Fort Stewart Not Getting 5th BCT
June 3, 2009
<b> FORT STEWART, Ga., </b> Aca,!" A plan to build an additional brigade combat team at Fort Stewart was halted by the Department of Defense, June 2.
The cancellation followed preparation and construction across Fort Stewart in anticipation of the arrival of about 4,000 troops who were scheduled to arrive at Fort Stewart over the coming two years.
The military construction that was intended for the 5th Brigade Combat Team, including barracks, motor pools and headquarters buildings, will not be cancelled due to the announcement. The new plan now allocates the facilities under construction to the 4th Infantry Brigade Combat Team, the 3rd Infantry Division's lone light infantry BCT.
"We can move them into that footprint, and Fort Stewart would still retain the capability to grow," said Maj. Gen. Tony Cucolo, 3rd ID commander. "I see nothing but a bright future for growth at Fort Stewart."
The planning for the additional brigade began when the Base Realignment and Closure Commission announced Fort Stewart, along with Fort Bliss, Texas, and Fort Carson, Colo., would receive an additional brigade. The three bases still have hope that they can add a brigade in the near future; two brigades are expected to move from Europe to the U.S. around 2012, and currently, those three bases are their potential homes.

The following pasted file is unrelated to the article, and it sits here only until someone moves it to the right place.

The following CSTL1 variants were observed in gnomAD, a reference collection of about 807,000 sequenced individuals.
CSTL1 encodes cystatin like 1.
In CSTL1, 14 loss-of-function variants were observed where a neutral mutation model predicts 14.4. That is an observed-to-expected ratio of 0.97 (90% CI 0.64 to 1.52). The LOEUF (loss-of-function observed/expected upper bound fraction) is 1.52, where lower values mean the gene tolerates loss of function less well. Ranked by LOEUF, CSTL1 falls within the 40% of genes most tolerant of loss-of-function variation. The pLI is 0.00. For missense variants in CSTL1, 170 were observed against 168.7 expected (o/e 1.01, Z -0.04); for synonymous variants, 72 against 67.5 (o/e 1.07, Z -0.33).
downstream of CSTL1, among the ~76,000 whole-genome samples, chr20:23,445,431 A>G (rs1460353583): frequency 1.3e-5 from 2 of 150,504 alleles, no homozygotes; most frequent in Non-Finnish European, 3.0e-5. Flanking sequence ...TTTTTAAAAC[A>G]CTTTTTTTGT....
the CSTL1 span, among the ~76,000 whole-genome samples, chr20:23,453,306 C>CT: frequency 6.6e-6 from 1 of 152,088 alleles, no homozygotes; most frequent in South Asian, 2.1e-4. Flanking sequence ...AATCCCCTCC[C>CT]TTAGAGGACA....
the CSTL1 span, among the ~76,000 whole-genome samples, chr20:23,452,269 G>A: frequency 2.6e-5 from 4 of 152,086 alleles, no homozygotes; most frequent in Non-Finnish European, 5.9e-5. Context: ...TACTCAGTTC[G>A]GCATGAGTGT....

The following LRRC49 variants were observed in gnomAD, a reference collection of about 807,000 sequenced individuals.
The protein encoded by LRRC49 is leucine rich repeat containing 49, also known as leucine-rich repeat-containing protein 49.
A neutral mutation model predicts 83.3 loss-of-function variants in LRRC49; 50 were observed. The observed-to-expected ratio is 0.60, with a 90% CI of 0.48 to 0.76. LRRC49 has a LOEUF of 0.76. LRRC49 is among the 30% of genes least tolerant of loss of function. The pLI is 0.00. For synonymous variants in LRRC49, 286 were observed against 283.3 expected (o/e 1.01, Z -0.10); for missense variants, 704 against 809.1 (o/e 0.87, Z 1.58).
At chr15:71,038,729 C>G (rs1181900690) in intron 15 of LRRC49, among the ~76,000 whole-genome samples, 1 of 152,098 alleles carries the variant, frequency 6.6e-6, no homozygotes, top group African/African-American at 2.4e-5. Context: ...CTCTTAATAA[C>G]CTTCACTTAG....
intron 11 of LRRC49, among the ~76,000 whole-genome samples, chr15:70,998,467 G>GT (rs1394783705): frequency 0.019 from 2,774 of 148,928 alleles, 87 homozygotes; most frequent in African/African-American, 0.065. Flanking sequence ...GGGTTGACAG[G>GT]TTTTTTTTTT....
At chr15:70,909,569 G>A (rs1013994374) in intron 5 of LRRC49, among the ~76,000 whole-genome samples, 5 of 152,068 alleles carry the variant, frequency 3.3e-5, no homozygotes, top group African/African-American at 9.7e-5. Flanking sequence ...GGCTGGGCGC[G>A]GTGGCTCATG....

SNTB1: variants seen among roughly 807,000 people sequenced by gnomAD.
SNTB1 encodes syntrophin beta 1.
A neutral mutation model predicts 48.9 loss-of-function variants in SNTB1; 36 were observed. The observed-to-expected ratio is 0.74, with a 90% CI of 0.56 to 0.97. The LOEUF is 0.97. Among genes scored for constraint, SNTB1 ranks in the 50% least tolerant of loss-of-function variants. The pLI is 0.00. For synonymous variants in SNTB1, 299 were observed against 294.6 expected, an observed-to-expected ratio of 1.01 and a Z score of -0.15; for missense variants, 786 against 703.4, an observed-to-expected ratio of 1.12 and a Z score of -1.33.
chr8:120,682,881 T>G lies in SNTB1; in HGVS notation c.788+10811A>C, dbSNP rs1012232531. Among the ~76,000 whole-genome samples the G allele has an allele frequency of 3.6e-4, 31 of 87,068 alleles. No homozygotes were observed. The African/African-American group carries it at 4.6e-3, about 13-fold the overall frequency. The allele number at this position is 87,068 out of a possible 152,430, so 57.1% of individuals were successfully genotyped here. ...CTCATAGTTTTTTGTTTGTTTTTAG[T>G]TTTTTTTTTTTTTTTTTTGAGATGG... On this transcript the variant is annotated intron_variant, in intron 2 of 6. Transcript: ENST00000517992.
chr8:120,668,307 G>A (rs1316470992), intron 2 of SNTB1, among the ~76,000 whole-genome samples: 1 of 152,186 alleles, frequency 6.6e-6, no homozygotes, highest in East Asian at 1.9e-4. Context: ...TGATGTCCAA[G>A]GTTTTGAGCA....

Despite the news, Maj. Gen. Cucolo remained positive that Stewart, the local community and the 3rd ID will continue to persevere despite the nationwide economic troubles. He said recent improvements on Stewart and Hunter Army Airfield are a key example of that perseverance.
"We continue to uphold the Army Family Covenant," he said. "When you see improvements at Holbrook (Outdoor Recreation Area on Stewart) and Lott's Island (at Hunter), those are the kinds of things we want to keep bringing to the community, to the Families. We want to spend that $1 million from winning the (Army Community of Excellence Award) to win it again and again."
A statement from the Department of the Army said that in stopping the brigade creation, the Army can ensure success in three major areas: the ability of brigades to deploy for contingency operations and major exercises, increasing opportunities and access to training facilities, and improving the quality of life for Soldiers and Families.
"I understand the tough economic impact this decision will have on the communities that have worked so hard to prepare for the arrival of the three brigades," Secretary of the Army Pete Geren said in the statement. "They are great partners with the Army, and we will need their continued support as we work together on the growth that is underway at those locations."
Major General Cucolo also expressed deep appreciation for the surrounding communities.
"I would ask them to sustain their incredible support, even in the face of the sacrifices I know they have made," he said. "We'll get through this."